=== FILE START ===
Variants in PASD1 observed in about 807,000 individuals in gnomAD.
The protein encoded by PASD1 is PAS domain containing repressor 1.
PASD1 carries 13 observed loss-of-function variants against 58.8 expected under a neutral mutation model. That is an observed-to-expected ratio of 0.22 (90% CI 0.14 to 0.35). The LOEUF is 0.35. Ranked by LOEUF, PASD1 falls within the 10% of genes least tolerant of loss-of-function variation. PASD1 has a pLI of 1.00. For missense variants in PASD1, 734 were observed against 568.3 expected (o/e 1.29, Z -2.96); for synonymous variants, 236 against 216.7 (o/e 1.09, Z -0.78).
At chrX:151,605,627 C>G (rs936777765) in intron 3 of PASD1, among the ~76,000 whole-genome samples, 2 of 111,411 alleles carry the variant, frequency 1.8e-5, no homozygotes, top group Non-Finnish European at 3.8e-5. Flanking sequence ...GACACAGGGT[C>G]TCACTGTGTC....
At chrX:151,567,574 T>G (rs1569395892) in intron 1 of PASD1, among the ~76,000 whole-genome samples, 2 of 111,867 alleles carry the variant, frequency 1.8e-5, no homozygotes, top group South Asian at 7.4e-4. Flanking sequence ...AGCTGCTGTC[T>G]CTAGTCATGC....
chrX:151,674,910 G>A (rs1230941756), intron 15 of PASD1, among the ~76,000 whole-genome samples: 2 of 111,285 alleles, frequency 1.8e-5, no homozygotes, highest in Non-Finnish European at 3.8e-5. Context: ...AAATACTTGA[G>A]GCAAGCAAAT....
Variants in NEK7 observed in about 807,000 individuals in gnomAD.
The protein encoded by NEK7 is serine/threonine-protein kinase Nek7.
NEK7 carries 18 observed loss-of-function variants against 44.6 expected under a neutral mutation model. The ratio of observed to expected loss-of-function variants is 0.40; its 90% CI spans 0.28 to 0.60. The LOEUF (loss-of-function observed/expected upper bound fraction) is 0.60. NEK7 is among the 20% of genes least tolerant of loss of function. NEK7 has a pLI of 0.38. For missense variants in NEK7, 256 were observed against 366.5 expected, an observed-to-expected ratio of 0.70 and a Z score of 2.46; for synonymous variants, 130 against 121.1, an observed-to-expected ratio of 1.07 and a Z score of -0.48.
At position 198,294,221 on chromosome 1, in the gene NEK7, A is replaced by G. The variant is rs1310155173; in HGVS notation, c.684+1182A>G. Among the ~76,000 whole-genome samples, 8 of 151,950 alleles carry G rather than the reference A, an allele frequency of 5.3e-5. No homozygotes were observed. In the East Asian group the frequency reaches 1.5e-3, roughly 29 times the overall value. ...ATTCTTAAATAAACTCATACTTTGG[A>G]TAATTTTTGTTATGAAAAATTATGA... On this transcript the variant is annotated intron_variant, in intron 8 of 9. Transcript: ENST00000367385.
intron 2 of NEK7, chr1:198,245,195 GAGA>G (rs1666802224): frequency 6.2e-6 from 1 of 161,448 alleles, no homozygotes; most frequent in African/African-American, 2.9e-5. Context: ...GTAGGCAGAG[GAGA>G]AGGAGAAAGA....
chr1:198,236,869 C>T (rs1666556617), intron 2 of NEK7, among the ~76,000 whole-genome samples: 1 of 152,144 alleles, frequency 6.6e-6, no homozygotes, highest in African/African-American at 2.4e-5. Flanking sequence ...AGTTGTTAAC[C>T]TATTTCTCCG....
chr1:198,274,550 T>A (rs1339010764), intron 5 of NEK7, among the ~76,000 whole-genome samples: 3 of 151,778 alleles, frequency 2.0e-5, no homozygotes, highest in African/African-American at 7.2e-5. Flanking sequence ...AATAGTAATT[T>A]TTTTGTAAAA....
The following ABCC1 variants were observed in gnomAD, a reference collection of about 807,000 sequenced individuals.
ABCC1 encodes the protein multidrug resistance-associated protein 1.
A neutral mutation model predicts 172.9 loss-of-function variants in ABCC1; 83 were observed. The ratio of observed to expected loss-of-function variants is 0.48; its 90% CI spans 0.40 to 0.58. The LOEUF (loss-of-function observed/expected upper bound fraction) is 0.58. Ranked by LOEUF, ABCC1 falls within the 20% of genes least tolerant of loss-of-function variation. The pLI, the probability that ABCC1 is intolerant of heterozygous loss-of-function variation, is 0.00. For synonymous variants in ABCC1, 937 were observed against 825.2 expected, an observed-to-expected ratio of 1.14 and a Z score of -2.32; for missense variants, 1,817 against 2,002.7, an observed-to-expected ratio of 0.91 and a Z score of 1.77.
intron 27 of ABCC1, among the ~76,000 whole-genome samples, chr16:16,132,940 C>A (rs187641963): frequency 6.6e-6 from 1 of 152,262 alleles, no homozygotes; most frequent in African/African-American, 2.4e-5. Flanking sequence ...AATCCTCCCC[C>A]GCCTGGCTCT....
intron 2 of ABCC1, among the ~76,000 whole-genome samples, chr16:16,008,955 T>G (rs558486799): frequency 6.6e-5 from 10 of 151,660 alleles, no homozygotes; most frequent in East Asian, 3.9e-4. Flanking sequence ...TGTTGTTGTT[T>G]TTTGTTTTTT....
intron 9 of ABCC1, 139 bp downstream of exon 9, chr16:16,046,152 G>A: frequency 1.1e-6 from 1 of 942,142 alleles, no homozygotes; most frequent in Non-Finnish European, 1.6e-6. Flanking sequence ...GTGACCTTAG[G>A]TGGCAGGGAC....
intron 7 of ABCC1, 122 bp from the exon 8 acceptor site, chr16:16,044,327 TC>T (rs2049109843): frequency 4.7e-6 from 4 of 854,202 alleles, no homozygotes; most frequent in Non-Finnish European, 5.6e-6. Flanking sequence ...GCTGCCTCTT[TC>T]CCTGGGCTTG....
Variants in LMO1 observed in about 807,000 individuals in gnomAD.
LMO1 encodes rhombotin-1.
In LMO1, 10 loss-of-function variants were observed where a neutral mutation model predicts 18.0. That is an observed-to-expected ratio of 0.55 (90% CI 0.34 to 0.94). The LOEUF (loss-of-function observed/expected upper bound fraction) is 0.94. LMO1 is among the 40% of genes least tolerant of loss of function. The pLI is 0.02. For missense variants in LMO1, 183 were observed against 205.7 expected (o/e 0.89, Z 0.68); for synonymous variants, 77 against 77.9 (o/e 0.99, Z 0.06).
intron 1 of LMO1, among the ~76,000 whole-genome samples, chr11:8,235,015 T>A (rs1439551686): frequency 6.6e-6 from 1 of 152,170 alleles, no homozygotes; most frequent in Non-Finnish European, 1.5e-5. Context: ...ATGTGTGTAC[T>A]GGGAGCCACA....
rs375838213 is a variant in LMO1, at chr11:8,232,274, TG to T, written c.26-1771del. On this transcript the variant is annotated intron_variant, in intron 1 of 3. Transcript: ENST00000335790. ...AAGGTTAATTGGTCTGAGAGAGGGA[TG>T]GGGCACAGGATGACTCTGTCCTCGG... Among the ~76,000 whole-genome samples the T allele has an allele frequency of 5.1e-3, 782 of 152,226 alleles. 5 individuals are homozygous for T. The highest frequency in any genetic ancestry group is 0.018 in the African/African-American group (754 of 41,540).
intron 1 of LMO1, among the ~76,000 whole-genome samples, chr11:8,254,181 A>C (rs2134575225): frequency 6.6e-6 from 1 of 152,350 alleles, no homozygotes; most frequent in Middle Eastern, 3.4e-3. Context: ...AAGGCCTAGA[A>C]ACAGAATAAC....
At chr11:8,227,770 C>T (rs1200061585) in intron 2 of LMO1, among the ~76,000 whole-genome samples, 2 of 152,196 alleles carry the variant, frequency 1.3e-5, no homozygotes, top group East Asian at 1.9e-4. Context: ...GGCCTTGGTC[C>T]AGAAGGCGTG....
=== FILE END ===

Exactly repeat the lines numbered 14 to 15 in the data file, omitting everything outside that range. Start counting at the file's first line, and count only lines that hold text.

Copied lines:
The following ABCC1 variants were observed in gnomAD, a reference collection of about 807,000 sequenced individuals.
ABCC1 encodes the protein multidrug resistance-associated protein 1.